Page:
These photos were taken over spring break. I spent the day at Tara's, and it just so happened that her dad was out of town and needed her to feed his cattle. I jumped at the opportunity to help, and by help I mean squealing with delight every time we ran across a calf (approximately every 2.5 seconds), then stopping to snap it's picture. I love that Tara, who had a real job to do, stopped and backed the truck up about thirty times so I could get the perfect shots.
I cannot put into words how much I desperately need, and crave, time in the country. Every single time I make the forty-minute drive to Tara's house, I feel my soul come alive as the city buildings fade away and the rolling hills come into view. When I feel myself burning out, the cure is simply this- get in the car, drive to the country. Sometimes it's Tara's house, for porch-sitting (some serious soul stories there) or four-wheeling (only my absolute favorite pastime on the planet). Other times I head to the Wichita Mountains to soak in the view from Mount Scott. When it's the middle of the week and I can't really escape, I just get in my car and drive until I'm out of town.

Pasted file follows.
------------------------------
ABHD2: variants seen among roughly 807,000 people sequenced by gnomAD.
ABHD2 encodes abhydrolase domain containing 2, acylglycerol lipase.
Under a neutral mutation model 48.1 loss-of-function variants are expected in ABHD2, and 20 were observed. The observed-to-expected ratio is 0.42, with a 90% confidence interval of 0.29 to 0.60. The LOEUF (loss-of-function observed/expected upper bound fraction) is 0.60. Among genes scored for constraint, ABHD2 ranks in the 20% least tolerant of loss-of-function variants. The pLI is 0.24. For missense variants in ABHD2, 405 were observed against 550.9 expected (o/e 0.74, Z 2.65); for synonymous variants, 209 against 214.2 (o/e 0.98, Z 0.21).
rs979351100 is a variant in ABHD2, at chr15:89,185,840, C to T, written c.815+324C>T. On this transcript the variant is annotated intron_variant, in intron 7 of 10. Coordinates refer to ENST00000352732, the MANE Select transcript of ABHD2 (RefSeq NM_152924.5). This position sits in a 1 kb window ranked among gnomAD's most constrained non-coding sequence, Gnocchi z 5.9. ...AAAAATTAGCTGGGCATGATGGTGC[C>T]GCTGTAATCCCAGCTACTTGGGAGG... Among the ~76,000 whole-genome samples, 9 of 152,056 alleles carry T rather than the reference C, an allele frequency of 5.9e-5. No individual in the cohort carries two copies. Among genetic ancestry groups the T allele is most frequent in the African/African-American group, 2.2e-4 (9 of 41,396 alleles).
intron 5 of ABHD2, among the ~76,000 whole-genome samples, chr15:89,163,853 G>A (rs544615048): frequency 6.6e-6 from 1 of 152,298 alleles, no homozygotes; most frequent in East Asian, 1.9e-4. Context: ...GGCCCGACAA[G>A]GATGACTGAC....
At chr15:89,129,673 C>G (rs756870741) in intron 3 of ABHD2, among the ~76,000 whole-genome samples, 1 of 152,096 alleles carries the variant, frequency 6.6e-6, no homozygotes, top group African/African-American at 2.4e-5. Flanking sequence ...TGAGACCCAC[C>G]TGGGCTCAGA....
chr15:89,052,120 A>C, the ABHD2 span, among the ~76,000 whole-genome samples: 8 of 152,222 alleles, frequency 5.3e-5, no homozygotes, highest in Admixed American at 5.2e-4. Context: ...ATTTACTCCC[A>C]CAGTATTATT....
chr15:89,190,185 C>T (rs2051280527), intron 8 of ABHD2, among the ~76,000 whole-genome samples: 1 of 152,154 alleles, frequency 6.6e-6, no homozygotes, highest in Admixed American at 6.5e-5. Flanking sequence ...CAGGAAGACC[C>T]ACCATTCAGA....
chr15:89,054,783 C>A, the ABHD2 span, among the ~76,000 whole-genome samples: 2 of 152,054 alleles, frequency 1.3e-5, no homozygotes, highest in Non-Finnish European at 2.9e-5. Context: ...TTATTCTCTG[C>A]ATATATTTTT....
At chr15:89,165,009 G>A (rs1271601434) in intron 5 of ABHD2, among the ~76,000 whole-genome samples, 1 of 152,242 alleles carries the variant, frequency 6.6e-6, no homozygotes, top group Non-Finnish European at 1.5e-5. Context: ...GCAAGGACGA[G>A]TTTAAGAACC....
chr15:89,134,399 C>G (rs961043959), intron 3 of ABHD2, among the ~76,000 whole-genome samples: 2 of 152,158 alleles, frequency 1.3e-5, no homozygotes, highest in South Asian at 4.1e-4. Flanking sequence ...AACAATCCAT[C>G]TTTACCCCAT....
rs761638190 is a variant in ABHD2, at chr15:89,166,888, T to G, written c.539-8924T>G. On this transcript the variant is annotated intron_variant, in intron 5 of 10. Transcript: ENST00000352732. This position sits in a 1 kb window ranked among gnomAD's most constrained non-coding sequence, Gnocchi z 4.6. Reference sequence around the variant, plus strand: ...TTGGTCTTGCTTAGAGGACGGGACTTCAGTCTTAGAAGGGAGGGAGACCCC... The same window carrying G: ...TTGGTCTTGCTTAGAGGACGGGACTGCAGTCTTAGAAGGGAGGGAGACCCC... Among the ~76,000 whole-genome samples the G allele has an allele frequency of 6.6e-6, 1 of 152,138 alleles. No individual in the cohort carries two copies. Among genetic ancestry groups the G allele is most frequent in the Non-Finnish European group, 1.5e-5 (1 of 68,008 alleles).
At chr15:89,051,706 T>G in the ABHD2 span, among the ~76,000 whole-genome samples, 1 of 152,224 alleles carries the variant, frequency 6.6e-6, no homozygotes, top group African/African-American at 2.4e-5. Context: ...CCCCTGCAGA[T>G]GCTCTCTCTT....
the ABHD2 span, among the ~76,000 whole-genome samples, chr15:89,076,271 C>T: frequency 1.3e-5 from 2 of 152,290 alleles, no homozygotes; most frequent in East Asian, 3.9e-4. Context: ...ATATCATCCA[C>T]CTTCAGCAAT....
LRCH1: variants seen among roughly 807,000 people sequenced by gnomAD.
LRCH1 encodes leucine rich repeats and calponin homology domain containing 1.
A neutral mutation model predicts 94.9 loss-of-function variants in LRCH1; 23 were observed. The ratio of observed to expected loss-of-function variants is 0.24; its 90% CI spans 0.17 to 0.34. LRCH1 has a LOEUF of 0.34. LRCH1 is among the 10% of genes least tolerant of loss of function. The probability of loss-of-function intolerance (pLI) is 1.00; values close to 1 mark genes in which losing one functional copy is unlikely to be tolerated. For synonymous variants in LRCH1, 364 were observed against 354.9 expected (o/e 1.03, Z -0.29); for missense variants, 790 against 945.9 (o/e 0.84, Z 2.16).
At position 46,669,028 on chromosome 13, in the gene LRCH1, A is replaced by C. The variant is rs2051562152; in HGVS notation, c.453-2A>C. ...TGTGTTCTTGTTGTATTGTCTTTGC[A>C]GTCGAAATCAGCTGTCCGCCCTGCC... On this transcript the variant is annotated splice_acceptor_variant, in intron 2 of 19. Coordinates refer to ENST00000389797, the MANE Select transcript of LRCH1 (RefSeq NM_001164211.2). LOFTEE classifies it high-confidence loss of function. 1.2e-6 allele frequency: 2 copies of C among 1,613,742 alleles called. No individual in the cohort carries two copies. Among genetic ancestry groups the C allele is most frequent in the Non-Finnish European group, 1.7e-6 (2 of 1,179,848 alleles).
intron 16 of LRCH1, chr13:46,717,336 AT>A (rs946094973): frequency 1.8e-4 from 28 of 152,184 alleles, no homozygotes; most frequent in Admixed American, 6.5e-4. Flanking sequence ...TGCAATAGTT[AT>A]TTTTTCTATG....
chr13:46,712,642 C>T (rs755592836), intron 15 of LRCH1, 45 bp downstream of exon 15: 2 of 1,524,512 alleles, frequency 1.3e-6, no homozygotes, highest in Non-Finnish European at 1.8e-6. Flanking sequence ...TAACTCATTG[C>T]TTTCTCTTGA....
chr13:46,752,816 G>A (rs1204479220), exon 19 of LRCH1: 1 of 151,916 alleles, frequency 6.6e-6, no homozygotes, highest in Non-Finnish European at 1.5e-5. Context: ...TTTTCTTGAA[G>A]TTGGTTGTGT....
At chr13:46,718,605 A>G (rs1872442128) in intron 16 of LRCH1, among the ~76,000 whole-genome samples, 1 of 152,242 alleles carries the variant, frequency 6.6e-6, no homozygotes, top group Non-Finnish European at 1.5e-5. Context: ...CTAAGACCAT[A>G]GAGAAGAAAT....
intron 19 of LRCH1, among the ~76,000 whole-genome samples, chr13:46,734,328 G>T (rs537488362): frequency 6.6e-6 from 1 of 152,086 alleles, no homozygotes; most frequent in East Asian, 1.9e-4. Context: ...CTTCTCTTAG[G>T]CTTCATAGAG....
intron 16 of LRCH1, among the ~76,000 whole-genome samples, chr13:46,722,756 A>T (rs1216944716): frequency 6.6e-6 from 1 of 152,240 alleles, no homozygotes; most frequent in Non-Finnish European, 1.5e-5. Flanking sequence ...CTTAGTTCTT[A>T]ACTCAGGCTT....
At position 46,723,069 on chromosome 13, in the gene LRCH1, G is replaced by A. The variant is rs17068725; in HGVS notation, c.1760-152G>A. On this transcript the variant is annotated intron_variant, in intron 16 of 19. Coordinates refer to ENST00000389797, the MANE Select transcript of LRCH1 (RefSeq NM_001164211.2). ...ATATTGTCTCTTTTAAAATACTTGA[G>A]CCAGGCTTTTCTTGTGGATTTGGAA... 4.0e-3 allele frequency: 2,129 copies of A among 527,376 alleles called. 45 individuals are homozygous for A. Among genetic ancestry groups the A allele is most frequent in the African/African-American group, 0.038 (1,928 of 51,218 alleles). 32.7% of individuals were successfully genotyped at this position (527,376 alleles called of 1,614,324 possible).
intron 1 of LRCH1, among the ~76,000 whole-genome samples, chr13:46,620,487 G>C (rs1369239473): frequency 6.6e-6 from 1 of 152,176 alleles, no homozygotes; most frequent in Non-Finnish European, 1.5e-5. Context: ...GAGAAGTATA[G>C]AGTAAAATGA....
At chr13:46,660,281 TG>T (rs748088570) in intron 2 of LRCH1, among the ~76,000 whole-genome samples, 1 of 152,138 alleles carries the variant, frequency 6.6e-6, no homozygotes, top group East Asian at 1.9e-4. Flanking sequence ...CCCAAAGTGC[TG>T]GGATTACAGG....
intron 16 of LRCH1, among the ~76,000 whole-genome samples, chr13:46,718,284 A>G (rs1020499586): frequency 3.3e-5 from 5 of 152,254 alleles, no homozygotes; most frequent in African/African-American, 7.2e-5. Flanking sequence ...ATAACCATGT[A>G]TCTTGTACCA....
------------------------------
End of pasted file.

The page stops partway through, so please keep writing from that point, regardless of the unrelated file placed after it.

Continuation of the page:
Living in the city takes it's toll- mentally, physically, emotionally, spiritually. Lately, my neighbors from hell (that's another post in itself, one which I will spare you) have had me craving wide open spaces more than ever. There are, of course, advantages to living in town, and I am grateful for those. But as I get a bit older, I find myself wanting to go back to the pleasures of my rural childhood- afternoons and early evenings spent breathing in the fresh air, taking long walks or bike rides as the sun fades from view, pondering the wonders of the world while staring into a sky full of stars.